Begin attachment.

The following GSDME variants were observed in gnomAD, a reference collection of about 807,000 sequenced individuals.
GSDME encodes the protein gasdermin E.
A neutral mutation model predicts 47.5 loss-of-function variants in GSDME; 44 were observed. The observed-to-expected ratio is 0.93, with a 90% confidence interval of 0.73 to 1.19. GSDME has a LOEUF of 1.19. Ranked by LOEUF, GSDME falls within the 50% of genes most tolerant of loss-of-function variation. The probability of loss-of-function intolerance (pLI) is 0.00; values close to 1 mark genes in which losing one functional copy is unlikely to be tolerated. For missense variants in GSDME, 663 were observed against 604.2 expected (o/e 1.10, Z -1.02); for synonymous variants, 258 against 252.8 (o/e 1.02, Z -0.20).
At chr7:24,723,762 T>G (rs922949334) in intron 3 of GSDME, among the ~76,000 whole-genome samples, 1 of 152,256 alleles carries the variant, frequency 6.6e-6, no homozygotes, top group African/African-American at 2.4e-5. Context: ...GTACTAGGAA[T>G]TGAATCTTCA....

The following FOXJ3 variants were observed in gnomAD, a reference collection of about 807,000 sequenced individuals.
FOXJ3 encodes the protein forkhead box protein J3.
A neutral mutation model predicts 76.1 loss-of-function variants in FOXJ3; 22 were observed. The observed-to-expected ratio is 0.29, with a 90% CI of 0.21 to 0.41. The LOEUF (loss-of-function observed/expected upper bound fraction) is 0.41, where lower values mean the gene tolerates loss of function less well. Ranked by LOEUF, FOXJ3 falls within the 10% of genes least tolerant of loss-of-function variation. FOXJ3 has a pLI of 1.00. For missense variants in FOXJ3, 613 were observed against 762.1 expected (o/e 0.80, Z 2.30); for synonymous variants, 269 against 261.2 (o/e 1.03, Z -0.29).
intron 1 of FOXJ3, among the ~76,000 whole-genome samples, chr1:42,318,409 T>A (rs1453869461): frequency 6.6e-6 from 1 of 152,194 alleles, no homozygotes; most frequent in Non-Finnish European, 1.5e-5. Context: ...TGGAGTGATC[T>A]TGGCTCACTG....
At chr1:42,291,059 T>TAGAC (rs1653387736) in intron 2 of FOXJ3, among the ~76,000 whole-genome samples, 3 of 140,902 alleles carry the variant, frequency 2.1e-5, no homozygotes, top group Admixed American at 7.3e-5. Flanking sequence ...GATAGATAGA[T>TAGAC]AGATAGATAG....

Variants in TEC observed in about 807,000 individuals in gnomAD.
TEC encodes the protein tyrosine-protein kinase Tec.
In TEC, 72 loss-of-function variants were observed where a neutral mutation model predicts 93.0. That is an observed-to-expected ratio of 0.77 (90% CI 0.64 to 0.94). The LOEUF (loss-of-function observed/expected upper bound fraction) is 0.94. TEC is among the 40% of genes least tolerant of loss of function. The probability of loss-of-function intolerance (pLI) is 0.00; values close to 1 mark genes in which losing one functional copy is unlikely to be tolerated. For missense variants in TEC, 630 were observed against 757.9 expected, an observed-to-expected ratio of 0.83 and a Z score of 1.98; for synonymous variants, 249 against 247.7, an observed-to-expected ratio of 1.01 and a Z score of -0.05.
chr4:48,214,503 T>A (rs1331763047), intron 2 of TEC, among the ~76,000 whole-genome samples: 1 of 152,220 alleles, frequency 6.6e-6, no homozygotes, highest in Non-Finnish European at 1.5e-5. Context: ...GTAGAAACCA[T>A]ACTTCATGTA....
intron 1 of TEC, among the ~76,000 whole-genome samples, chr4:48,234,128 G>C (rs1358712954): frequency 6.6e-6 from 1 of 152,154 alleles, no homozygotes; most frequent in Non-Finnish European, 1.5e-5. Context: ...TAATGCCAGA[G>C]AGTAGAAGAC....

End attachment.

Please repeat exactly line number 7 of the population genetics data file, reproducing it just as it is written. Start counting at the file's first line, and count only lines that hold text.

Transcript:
A neutral mutation model predicts 76.1 loss-of-function variants in FOXJ3; 22 were observed. The observed-to-expected ratio is 0.29, with a 90% CI of 0.21 to 0.41. The LOEUF (loss-of-function observed/expected upper bound fraction) is 0.41, where lower values mean the gene tolerates loss of function less well. Ranked by LOEUF, FOXJ3 falls within the 10% of genes least tolerant of loss-of-function variation. FOXJ3 has a pLI of 1.00. For missense variants in FOXJ3, 613 were observed against 762.1 expected (o/e 0.80, Z 2.30); for synonymous variants, 269 against 261.2 (o/e 1.03, Z -0.29).